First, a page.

September 16, 2008
Leviev Group, Evogene and Orfuel to Establish Biodiesel Firm in Namibia
By MATT KRIEGER
While Lev Leviev may not currently reside in Israel, his presence continues to reverberate throughout the local business scene. Last week he partnered with two of the country's leading companies to form a Namibia-based biodiesel company. Starting with this news, this week's edition of TechWatch takes a closer look at some of the other alternative-energy developments that have taken place in the local market over the last month.L.L. Biofuel Namibia Ltd., a subsidiary of the Leviev Group and Rehovot-based Evogene Ltd., has announced the signing of an agreement with Orfuel Inc., a US subsidiary of Ormat Industries Ltd., to establish a company focused on the growth of specialized castor plants for use as feedstock for biodiesel. It will be headquartered in Namibia, with operations in Namibia and possibly elsewhere in Africa.
According to the terms of the agreement, the company will examine various castor varieties in field tests in Namibia. Following the selection of best performing varieties, it will work to commercialize and grow the selected varieties on a commercial scale.
Evogene will provide the new company with the castor varieties for evaluation and share its expertise in plant growth. The Leviev Group will provide access to lands for crop growth in Namibia and logistical infrastructure for the project. In addition, the Leviev Group will contribute its experience and knowledge in establishing projects in Namibia and other southern African countries.
Beit Shemesh-based Solel Solar Systems has announced the opening of a $9 million factory in Finland, together with Glaston, a world leader in glass-processing technologies. They will produce parabolic solar reflectors for Solel's solar field projects. At the core of the facility is unique equipment conceptualized by Solel and designed and built by Glaston according to Solel's specific technical requirements and know-how. The factory will give Solel better control over capacity, quality and price of its patented solar-energy technology. Operations will begin this month.
The facility is located in Akaa, about 200 kilometers north of Helsinki. It has the capacity to produce 240,000 parabolic solar reflectors a year, enough to power a 50- megawatt power plant.
This development solidifies Solel's position as the leading solar thermal-energy company. Solel has already announced a number of contracts to supply solar thermal- energy technology to Spanish developers; it has recently completed the re-supply of most of the solar receivers for the solar power plants under commercial operation in California's Mojave Desert.
Zion Oil & Gas, Inc., based in Caesarea, has announced it intends to enter into a drilling contract with Aladdin Middle East (AME) by the middle of this month. Zion CEO Richard Rinberg and president and COO Glen Perry are scheduled to visit AME's offices in Ankara, Turkey, to sign the deal. A 2,000-horsepower rig, to be used to drill Zion's planned Ma'anit-Rehoboth No. 2 well, is expected to arrive in Israel in November.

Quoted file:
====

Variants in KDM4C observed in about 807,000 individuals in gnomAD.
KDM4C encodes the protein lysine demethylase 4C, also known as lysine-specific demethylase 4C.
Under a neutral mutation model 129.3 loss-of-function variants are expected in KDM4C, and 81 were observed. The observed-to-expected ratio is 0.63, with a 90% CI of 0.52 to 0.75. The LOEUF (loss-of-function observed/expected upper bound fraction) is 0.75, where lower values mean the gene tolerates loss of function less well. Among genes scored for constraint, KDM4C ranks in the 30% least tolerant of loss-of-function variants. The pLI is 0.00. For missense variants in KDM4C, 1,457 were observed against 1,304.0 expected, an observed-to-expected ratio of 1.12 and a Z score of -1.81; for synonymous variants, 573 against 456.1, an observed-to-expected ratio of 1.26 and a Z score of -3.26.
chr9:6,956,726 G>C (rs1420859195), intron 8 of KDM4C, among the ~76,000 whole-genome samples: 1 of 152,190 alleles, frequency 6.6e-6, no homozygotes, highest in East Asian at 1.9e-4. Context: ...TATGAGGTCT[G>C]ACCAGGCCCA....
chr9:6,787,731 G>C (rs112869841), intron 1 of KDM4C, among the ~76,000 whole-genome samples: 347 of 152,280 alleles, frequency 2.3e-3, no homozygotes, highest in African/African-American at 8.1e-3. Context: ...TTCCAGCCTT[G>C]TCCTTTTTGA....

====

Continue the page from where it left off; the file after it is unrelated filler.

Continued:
Zion Oil & Gas explores for oil and gas in Israel in on-shore areas between Tel Aviv and Haifa.
Wichita, Kansas-based AME is an independent oil and gas exploration and production company. It has drilled more than 130 exploration and development wells in Turkey and Egypt for major oil companies.
Petah Tikva-headquartered Energtek Inc., a world leader in the development of absorbed natural gas (ANG) technology, has officially inaugurated its San Antonio gas well as the first "CNG Lite" compression station in the Philippines.
Energtek intends to convert approximately 3,000 three- wheel vehicles (tricycles) in the province of Isabela to operate on natural gas extracted from the San Antonio well using proprietary CNG Lite low-pressure conversion technology.
Energtek entered into a contract in July with the Philippines National Oil Company - Exploration Company (PNOC-EC) for rights to gas extracted from the site. Since the signing of the contract, several converted tricycles have been operating optimally on natural gas extracted from the well. Energtek intends to start converting additional vehicles this month.
The San Antonio project is the first of Energtek's phased plan to convert as many tricycles as possible in the Philippines. The company aims to convert at least 500,000 tricycles over the next three to four years.
Kadima-based IDE Technologies has announced it signed a deal to build a desalination plant in Australia worth more than 100 million. IDE is a joint venture of Israel Corp.'s Israel Chemicals unit and the Delek Group.
IDE did not identify the company that it's building the desalination plant for, stating only that it's a "major industrial client." The plant will be able to treat 140,000 cubic meters per day using reverse osmosis technology. It is scheduled to be completed in 2010.
The company said the project was one of the most complex in the world and one of the largest of its kind supplied by IDE to a foreign client. According to IDE, the quality of the feed water necessitates more precise and complex treatment than in similar installations elsewhere.
The Australian client will use the desalinated water for production processes, IDE said.
IDE specializes in commercial applications of thermal and membrane technologies for desalinating and converting sea and brackish water for drinking and process water. The company has supplied more than 385 plants of different types and capacities in 40 countries, which together treat more than 1.6 million cubic meters of water per day.
Originally published by MATT KRIEGER.
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